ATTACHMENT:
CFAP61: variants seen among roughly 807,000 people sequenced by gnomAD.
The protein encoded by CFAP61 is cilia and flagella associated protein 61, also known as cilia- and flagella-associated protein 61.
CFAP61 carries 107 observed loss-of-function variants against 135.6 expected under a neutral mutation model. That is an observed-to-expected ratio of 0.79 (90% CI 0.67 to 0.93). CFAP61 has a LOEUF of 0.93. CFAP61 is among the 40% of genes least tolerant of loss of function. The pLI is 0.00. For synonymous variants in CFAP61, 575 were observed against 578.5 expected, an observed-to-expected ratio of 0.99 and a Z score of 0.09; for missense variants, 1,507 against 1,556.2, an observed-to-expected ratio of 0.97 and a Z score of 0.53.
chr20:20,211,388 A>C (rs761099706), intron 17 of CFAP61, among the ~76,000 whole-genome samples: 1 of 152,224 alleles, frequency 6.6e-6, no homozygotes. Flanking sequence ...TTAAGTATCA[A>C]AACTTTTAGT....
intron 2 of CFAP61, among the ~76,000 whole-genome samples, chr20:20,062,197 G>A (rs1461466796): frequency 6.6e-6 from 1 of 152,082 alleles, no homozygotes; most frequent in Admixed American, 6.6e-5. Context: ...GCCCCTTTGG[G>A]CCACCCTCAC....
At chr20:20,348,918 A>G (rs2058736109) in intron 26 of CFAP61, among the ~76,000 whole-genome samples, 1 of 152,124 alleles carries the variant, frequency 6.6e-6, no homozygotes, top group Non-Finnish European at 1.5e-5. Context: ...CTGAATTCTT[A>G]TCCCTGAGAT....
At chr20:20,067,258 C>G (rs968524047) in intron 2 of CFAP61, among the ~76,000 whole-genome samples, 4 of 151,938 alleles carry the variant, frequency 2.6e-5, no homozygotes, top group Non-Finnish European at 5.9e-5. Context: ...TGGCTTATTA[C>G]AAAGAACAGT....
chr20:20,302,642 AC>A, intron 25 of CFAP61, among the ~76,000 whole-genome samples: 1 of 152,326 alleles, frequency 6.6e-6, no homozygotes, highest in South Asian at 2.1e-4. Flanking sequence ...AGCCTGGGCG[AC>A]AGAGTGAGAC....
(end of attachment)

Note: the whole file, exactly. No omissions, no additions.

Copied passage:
CFAP61: variants seen among roughly 807,000 people sequenced by gnomAD.
The protein encoded by CFAP61 is cilia and flagella associated protein 61, also known as cilia- and flagella-associated protein 61.
CFAP61 carries 107 observed loss-of-function variants against 135.6 expected under a neutral mutation model. That is an observed-to-expected ratio of 0.79 (90% CI 0.67 to 0.93). CFAP61 has a LOEUF of 0.93. CFAP61 is among the 40% of genes least tolerant of loss of function. The pLI is 0.00. For synonymous variants in CFAP61, 575 were observed against 578.5 expected, an observed-to-expected ratio of 0.99 and a Z score of 0.09; for missense variants, 1,507 against 1,556.2, an observed-to-expected ratio of 0.97 and a Z score of 0.53.
chr20:20,211,388 A>C (rs761099706), intron 17 of CFAP61, among the ~76,000 whole-genome samples: 1 of 152,224 alleles, frequency 6.6e-6, no homozygotes. Flanking sequence ...TTAAGTATCA[A>C]AACTTTTAGT....
intron 2 of CFAP61, among the ~76,000 whole-genome samples, chr20:20,062,197 G>A (rs1461466796): frequency 6.6e-6 from 1 of 152,082 alleles, no homozygotes; most frequent in Admixed American, 6.6e-5. Context: ...GCCCCTTTGG[G>A]CCACCCTCAC....
At chr20:20,348,918 A>G (rs2058736109) in intron 26 of CFAP61, among the ~76,000 whole-genome samples, 1 of 152,124 alleles carries the variant, frequency 6.6e-6, no homozygotes, top group Non-Finnish European at 1.5e-5. Context: ...CTGAATTCTT[A>G]TCCCTGAGAT....
At chr20:20,067,258 C>G (rs968524047) in intron 2 of CFAP61, among the ~76,000 whole-genome samples, 4 of 151,938 alleles carry the variant, frequency 2.6e-5, no homozygotes, top group Non-Finnish European at 5.9e-5. Context: ...TGGCTTATTA[C>G]AAAGAACAGT....
chr20:20,302,642 AC>A, intron 25 of CFAP61, among the ~76,000 whole-genome samples: 1 of 152,326 alleles, frequency 6.6e-6, no homozygotes, highest in South Asian at 2.1e-4. Flanking sequence ...AGCCTGGGCG[AC>A]AGAGTGAGAC....